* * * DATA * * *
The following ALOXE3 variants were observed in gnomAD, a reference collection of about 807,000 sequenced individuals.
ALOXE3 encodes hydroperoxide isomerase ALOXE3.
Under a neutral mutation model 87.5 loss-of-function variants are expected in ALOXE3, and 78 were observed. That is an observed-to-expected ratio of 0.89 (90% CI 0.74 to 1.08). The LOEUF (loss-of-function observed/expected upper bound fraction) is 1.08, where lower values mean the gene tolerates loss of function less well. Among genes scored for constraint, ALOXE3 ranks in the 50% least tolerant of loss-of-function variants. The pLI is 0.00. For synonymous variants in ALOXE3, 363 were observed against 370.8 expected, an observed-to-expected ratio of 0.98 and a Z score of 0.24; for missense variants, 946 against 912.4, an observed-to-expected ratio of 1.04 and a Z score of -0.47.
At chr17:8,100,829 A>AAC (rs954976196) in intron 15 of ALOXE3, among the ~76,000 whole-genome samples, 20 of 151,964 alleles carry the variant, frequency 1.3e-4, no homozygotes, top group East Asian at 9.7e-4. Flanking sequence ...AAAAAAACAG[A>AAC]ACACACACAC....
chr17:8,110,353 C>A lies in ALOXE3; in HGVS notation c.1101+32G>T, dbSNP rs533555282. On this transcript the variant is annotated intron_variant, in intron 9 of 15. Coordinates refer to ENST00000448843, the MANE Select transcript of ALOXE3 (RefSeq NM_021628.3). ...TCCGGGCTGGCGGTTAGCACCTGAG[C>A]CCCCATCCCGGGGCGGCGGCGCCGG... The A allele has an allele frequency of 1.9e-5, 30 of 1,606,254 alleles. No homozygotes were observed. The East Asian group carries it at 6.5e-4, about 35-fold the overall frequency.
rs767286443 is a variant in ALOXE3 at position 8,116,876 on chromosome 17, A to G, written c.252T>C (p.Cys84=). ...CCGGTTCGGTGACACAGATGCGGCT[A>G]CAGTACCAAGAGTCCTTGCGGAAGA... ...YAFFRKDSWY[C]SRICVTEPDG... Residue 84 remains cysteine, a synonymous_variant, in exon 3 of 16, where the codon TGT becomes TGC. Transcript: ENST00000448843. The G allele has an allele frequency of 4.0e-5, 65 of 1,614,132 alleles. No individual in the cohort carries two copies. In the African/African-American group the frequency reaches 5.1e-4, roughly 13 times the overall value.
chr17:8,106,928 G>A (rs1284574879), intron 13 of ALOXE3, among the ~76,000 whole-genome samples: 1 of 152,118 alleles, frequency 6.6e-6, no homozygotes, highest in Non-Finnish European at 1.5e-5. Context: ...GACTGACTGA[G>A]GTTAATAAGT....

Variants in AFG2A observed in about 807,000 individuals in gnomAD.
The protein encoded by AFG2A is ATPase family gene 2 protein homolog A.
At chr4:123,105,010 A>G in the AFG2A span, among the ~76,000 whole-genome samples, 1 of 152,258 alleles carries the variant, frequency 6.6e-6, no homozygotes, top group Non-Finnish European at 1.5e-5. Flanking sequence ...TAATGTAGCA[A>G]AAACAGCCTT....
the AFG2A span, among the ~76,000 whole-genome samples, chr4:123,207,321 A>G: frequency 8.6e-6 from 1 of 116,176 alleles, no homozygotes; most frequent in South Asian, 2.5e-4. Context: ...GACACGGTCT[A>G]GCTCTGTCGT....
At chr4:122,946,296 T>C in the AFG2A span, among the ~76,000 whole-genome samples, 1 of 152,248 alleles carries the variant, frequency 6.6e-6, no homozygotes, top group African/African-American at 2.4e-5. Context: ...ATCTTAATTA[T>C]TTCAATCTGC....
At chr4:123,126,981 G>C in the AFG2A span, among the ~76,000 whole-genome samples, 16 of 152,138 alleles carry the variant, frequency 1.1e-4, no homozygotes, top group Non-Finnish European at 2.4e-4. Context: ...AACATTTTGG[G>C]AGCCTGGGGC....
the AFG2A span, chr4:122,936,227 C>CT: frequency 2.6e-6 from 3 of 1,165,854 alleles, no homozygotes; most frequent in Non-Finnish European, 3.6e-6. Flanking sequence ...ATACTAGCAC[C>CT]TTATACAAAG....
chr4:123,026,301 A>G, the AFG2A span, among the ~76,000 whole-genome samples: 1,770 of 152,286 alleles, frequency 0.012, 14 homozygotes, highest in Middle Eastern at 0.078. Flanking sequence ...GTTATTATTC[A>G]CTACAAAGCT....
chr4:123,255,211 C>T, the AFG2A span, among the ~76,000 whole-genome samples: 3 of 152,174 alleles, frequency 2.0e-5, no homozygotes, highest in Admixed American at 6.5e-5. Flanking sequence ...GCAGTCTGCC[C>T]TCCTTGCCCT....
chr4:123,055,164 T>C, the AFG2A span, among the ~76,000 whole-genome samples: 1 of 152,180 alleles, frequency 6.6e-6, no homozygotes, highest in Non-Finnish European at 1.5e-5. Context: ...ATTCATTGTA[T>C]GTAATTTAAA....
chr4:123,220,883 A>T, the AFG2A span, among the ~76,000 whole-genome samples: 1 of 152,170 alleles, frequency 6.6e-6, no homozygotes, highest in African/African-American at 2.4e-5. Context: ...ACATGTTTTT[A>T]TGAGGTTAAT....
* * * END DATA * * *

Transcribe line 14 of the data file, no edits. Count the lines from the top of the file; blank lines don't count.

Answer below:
the AFG2A span, chr4:122,936,227 C>CT: frequency 2.6e-6 from 3 of 1,165,854 alleles, no homozygotes; most frequent in Non-Finnish European, 3.6e-6. Flanking sequence ...ATACTAGCAC[C>CT]TTATACAAAG....